Television

The Casual Marvel Fan’s Guide to The Falcon and the Winter Soldier

Who’s the new Captain America? Should I know who these villains are? And more.

He wears a dark suit (not the super kind) and stares down solemnly at Captain America’s shield.
Anthony Mackie as Sam Wilson aka the Falcon. Photo illustration by Slate. Photo by Marvel Studios/Disney+.

This article contains spoilers for the first episode of The Falcon and the Winter Soldier.

Can we start with my biggest question? Who is the new Captain America at the end?!

You just get a glimpse of him, but that’s Wyatt Russell, the son of Kurt Russell and Goldie Hawn, who might be familiar from Lodge 49 or Everybody Wants Some!! (and if he’s not, you might want to fix that). But the credits identify him as John Walker, the name of the comic-book character known as U.S. Agent.

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So then who is John Walker, aka U.S. Agent?

While we don’t yet know the story with this version of the character, in the comic books, John Walker acquired Captain America-like powers through a super soldier-like process in order to become a professional wrestler, but then became a rather right-wing hero called Super-Patriot instead, and then (in what was a pretty good story during Mark Gruenwald’s Captain America run in the ’80s) replaced Captain America when Steve Rogers (aka the Captain America you know and love) quit for political reasons. Eventually, Rogers claimed back the role from the more extreme and violent Walker, who became U.S. Agent, a similarly costumed hero who remained in the Avengers orbit for years onward. Obviously, the character’s presence in The Falcon and the Winter Soldier is setting up a conflict between two visions of what Captain America, and the country he’s supposed to symbolize, can be.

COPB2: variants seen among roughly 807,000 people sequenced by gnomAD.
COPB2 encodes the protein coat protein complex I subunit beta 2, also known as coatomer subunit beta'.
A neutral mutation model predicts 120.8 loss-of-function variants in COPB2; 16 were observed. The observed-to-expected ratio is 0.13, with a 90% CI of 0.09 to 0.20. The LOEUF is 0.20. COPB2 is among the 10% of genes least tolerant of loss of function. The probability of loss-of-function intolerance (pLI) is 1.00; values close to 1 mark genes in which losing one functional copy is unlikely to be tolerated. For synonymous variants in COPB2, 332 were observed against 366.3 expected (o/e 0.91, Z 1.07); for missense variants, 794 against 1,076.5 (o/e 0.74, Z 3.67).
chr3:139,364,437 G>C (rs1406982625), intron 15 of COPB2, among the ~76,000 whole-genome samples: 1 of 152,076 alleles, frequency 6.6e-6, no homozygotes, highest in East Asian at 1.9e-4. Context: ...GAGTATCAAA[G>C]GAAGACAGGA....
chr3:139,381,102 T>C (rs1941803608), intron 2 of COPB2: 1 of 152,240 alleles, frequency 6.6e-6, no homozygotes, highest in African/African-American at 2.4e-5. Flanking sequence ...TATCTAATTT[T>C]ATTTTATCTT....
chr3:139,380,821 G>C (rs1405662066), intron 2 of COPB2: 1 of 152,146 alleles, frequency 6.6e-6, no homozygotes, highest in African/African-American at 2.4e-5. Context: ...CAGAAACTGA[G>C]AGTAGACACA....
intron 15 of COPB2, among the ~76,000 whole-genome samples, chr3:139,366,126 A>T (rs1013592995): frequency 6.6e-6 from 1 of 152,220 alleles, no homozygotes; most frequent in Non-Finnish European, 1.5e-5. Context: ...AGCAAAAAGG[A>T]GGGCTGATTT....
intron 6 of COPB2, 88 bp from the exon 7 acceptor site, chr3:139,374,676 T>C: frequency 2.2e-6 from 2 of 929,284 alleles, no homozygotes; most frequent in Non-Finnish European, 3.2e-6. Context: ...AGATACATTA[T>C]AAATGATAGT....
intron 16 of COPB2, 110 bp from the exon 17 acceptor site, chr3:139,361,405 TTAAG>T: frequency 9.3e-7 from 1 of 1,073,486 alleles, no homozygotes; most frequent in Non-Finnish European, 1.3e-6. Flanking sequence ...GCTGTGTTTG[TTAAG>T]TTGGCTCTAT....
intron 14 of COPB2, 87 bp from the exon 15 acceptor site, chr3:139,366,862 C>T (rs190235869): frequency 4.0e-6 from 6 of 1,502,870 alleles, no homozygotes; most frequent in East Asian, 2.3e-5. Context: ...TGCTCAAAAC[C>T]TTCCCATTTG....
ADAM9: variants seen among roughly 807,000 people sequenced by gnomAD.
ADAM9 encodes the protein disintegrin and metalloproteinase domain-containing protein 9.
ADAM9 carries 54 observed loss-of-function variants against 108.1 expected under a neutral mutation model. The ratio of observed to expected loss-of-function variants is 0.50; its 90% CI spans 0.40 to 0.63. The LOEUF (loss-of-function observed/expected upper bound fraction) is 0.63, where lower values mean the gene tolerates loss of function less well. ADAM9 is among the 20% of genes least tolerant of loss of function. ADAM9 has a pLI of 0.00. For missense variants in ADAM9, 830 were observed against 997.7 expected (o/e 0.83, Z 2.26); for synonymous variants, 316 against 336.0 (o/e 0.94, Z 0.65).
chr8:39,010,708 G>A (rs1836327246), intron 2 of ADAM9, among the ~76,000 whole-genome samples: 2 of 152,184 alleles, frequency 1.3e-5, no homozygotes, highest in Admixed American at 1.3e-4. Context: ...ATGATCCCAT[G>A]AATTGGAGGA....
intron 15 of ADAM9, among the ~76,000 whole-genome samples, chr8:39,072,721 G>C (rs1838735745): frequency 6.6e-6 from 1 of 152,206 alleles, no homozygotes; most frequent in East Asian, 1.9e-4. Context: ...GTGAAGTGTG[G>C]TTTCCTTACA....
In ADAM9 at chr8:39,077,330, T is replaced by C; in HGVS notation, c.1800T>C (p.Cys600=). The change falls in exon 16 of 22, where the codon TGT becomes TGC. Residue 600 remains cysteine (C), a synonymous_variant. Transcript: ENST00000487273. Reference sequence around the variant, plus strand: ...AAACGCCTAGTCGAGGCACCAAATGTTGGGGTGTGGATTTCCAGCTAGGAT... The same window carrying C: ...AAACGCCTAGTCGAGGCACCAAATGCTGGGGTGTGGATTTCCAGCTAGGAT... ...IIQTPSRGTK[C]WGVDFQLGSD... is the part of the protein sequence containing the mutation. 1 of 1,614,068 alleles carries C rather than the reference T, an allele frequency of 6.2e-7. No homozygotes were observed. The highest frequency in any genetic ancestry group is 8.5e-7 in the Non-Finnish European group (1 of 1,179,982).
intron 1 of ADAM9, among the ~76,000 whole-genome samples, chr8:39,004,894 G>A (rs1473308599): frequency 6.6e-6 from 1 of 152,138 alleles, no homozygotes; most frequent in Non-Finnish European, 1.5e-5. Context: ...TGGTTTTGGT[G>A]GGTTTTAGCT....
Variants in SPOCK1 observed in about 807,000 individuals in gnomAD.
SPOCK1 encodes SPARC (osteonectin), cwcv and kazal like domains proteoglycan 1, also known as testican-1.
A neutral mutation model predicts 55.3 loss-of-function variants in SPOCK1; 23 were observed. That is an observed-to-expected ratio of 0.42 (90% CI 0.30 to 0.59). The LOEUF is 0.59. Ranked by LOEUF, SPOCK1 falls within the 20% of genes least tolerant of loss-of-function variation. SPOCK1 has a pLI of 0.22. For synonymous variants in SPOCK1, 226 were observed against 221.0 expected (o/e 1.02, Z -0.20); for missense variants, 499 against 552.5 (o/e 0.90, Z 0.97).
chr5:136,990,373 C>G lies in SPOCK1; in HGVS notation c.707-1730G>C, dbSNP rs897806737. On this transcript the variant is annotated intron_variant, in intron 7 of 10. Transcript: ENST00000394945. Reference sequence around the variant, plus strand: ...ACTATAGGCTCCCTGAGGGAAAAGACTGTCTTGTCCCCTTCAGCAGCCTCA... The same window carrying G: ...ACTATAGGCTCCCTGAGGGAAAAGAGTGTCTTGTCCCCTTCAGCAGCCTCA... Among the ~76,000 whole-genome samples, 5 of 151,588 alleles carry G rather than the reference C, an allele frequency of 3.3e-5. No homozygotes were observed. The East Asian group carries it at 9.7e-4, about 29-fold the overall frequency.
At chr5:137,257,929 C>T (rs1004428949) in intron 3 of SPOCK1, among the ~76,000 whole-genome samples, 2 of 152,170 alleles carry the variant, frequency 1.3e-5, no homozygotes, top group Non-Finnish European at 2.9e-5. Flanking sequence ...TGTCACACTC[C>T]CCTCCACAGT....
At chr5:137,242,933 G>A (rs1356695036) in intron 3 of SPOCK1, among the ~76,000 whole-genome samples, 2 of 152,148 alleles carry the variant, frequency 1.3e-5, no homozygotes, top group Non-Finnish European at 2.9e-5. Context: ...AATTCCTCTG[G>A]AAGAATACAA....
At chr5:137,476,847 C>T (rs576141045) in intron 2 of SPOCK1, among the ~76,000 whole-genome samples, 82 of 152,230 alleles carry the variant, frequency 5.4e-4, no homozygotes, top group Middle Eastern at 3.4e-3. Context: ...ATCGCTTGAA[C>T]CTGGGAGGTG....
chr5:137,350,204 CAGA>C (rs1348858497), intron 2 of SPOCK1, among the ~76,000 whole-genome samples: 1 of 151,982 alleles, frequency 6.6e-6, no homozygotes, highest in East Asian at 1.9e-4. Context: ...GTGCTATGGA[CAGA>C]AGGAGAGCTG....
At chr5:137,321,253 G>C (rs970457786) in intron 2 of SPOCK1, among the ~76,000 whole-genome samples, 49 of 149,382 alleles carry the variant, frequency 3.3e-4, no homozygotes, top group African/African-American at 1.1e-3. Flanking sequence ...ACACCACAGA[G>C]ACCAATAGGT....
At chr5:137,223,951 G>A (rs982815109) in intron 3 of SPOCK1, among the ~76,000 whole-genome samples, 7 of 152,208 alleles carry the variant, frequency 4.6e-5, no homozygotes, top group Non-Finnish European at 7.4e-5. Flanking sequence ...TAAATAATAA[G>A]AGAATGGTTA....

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Got it. Let’s go back to the beginning. Who’s that guy Sam’s chasing in the opening sequence?

That is Georges Batroc, played by MMA fighter Georges St-Pierre, who featured briefly in Captain America: The Winter Soldier. You may recall that in the movie, Nick Fury hired Batroc to rob a S.H.I.E.L.D. ship in order to flush out a mole in the agency. Basically, Batroc’s trying to get paid. In the comics, he’s a mercenary known as “Batroc the Leaper” who’s a master of savate kickboxing (hence “Leaper”) and wears an utterly glorious yellow and purple (but sometimes magenta) costume.

Who is Sam’s new pal, Torres?

That’s Joaquin Torres (Danny Ramirez), who became the second Falcon in the comics after an experiment involving Sam Wilson’s telepathic (!) falcon, Redwing. (Yes, while in this Marvel TV series, Redwing is a drone, in the comics, he’s an actual bird of prey.) He then worked as the sidekick of Wilson, who at that point in the comics had taken up the mantle of Captain America.

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Can you just remind me what happened to Captain America? How come nobody seems to know where he is?